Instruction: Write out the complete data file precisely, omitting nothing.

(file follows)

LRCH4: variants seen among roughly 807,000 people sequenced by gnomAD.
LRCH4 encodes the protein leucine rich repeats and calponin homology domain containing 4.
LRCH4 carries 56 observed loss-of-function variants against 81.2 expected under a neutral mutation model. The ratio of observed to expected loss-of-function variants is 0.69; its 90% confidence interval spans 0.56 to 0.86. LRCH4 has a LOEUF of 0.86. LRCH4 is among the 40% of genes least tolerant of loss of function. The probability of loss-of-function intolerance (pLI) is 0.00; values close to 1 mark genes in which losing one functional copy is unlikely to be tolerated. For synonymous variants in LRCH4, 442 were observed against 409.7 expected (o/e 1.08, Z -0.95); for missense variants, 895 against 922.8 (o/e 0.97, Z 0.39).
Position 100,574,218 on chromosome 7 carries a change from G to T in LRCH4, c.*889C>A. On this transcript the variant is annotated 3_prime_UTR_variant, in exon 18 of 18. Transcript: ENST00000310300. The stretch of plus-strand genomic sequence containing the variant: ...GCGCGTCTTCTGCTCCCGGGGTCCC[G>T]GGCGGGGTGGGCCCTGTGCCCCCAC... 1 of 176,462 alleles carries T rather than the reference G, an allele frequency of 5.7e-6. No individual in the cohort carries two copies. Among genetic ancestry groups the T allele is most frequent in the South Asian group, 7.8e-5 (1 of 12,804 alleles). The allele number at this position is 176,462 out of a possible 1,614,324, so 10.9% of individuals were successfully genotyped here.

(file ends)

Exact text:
LRCH4: variants seen among roughly 807,000 people sequenced by gnomAD.
LRCH4 encodes the protein leucine rich repeats and calponin homology domain containing 4.
LRCH4 carries 56 observed loss-of-function variants against 81.2 expected under a neutral mutation model. The ratio of observed to expected loss-of-function variants is 0.69; its 90% confidence interval spans 0.56 to 0.86. LRCH4 has a LOEUF of 0.86. LRCH4 is among the 40% of genes least tolerant of loss of function. The probability of loss-of-function intolerance (pLI) is 0.00; values close to 1 mark genes in which losing one functional copy is unlikely to be tolerated. For synonymous variants in LRCH4, 442 were observed against 409.7 expected (o/e 1.08, Z -0.95); for missense variants, 895 against 922.8 (o/e 0.97, Z 0.39).
Position 100,574,218 on chromosome 7 carries a change from G to T in LRCH4, c.*889C>A. On this transcript the variant is annotated 3_prime_UTR_variant, in exon 18 of 18. Transcript: ENST00000310300. The stretch of plus-strand genomic sequence containing the variant: ...GCGCGTCTTCTGCTCCCGGGGTCCC[G>T]GGCGGGGTGGGCCCTGTGCCCCCAC... 1 of 176,462 alleles carries T rather than the reference G, an allele frequency of 5.7e-6. No individual in the cohort carries two copies. Among genetic ancestry groups the T allele is most frequent in the South Asian group, 7.8e-5 (1 of 12,804 alleles). The allele number at this position is 176,462 out of a possible 1,614,324, so 10.9% of individuals were successfully genotyped here.